A medical-alert system, offered by national chains and local operators, can provide peace of mind to the elderly and their loved ones. But that peace of mind comes only if you're sure the company is providing the service it says it is.
While the national chains draw their share of consumer complaints, so do the independents. In Maryland, Attorney General Douglas Gansler says his Consumer Protection Division has issued a Cease and Desist Order against Glenn Chumley and his business, Medical Alert Buyers Alliance Corp.
The state alleges that Chumley preyed on elderly consumers by selling them emergency alert devices and one-year service plans promising to connect them with an emergency alert center if they fell or had other medical emergencies, but then failed to respond when they needed help.
"Taking advantage of vulnerable Marylanders who depend on their medical alert devices is an appalling act that could lead to serious injury or even death and it must not be tolerated," said Attorney General Gansler. "Consumers rely on emergency alert providers for help when they need it most."
According to the charges, the company entered into contracts with more than 1,000 customers promising to help them, but after going more than $100,000 in debt with a vendor, it stopped providing the emergency alert services for which consumers had already paid. As a result, when consumers had emergencies and pressed the buttons on their emergency alert devices, nobody responded.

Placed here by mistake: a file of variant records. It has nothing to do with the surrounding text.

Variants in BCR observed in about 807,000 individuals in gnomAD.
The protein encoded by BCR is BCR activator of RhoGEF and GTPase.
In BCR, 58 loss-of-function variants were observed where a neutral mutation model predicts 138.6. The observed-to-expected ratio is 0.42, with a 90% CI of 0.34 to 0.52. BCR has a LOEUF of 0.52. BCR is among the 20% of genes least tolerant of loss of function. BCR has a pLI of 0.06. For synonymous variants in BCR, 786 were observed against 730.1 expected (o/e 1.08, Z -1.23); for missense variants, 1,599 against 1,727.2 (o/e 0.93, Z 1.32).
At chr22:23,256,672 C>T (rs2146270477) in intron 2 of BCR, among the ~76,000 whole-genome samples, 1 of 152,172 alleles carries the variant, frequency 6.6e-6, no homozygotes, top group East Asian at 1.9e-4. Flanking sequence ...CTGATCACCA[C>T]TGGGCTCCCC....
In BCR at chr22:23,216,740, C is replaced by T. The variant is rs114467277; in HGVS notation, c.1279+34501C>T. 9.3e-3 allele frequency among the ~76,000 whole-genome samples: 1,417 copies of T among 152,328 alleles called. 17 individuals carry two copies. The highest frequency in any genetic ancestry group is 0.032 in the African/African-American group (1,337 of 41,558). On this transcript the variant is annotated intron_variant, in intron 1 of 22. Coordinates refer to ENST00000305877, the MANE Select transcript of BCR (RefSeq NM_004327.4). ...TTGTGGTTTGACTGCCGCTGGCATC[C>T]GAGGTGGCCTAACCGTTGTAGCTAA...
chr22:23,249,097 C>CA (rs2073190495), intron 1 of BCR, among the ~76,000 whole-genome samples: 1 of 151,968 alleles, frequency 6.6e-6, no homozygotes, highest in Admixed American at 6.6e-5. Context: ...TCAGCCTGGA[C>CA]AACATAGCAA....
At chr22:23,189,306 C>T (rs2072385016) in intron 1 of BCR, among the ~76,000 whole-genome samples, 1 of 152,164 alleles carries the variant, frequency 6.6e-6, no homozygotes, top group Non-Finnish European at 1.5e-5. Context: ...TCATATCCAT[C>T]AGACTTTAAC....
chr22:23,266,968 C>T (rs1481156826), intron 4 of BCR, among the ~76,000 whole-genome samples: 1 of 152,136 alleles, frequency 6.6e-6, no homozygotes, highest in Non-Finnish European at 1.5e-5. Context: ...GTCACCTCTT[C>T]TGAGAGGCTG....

No one responded
In a petition that accompanied the charges, one consumer described his elderly mother pressing her emergency alert device when she fell and broke her shoulder, but nobody replied. Another consumer described waiting for hours to get help after she could not reach anyone using the emergency alert device purchased from Chumley's.
To make matters even worse, the state alleges that the company continued to bill consumers for emergency services it did not provide, made unauthorized charges on consumers' credit cards and failed to honor warranties and guaranties that it made to customers.
The order requires Medical Alert Buyers Alliance Corp. to stop selling medical-alert services unless it posts a $20,000 bond with the state.
The lesson in all of this, of course, is finding the right medical-alert/security firm takes some research. One question to ask is how secure is the security firm. Is it adequately funded to provide services in the future. Keep in mind most of these companies require of contract of year or more.